Difficulty Chewing and Eating in Dogs

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Last updated on
4 min read

Key takeaways

Difficulty chewing and eating in dogs describes having a visibly hard time picking up, holding, and chewing food.

  • Difficulty chewing and eating is uncommon, as most dogs continue eating even when experiencing oral pain
  • Specific characterizations include appetite but difficulty opening the mouth, trying to pick up food and dropping it, chewing on only one side of the mouth, abnormal facial muscle tension or movements, crying when eating, pawing at the face, and bloody discharge from the mouth
  • There are numerous possible causes of difficulty chewing and eating in dogs, including masticatory myositis, oral pain, neuromuscular dysfunction to the chewing or facial muscles, foreign material in the mouth, severe dental disease, tumors, and more
  • Diagnosis involves physical examination, medical history, thorough examination of the oral cavity and facial musculature, and sometimes blood work, advanced imaging, and muscle biopsy
  • Treatment and prognosis vary widely depending on the underlying cause
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A closer look: Difficulty Chewing and Eating in Dogs

Difficulty chewing and eating in dogs is uncommon, but often has a serious underlying cause. Dogs often continue eating with broken teeth and severe dental disease, so a dog having trouble picking up or chewing food often is expected to be related to a condition causing extreme pain, or something physically disrupting their ability to pick up food and chew.

Dogs with known trauma to the face and mouth, active bleeding from the mouth, swelling of the face and mouth, and dogs that have not eaten in over 24 hours require emergency veterinary attention.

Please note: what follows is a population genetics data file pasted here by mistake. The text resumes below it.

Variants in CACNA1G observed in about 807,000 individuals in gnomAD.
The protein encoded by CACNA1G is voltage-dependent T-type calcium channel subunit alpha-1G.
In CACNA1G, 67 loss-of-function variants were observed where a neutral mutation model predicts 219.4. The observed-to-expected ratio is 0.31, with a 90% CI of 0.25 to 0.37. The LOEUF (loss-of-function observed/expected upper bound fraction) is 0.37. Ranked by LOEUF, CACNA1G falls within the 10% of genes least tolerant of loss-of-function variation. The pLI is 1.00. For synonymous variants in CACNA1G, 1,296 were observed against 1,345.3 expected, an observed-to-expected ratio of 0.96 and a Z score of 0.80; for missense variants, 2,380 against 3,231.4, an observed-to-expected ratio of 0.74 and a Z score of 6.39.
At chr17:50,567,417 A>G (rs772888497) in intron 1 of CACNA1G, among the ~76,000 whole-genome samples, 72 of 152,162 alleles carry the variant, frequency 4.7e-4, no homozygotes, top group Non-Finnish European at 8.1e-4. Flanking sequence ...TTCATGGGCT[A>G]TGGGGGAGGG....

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Possible causes

There are numerous potential causes of difficulty chewing and eating in dogs. This symptom is most commonly caused by conditions that disrupt the musculature of the face and mouth, the nerve supply of that musculature, severe oral pain, or physical obstruction of the oral cavity. It is important to note that this symptom is not caused by decreased appetite but rather a desire to eat, but physical inability to.

Risk factors

This symptom can vary widely in severity. A dog with oral pain on one side of their mouth may drop food when attempting to chew on that side, but be able to chew on the other side. In contrast, a dog with advanced masticatory myositis is physically unable to open their mouth enough to pick up food. Some causes may be temporary, such as a minor oral injury, whereas others may be severe and progressive, such as oral cancer or myasthenia gravis.

Testing and diagnosis

Diagnosis of the underlying condition causing difficulty chewing and eating includes physical examination, thorough oral examination (often under sedation), skull X-rays, dental X-rays, and in some cases may include blood work, muscle biopsy, infectious disease testing, CT and MRI.

Treatment varies widely depending on the underlying cause and may include:

  • Oral injury management,
  • Surgical correction of fractures or congenital defects
  • Surgical tumor or foreign body removal
  • Immune suppressant medication
  • Nutritional support
  • Pain management
  • Anti-inflammatories
  • Dental extractions
  • Hospitalization and fluid therapy
  • Radiation and chemotherapy

Similar symptoms

Difficulty chewing and eating could be confused with decreased appetite (hyporexia or anorexia). Dogs with decreased appetite are often nauseous and do not want to eat much or at all. Dogs with difficulty chewing and eating show a desire to eat food, but physically struggle to do so.

Associated symptoms


No Author - Writing for FirstVet
Hannah Hollinger - Writing for Wag!

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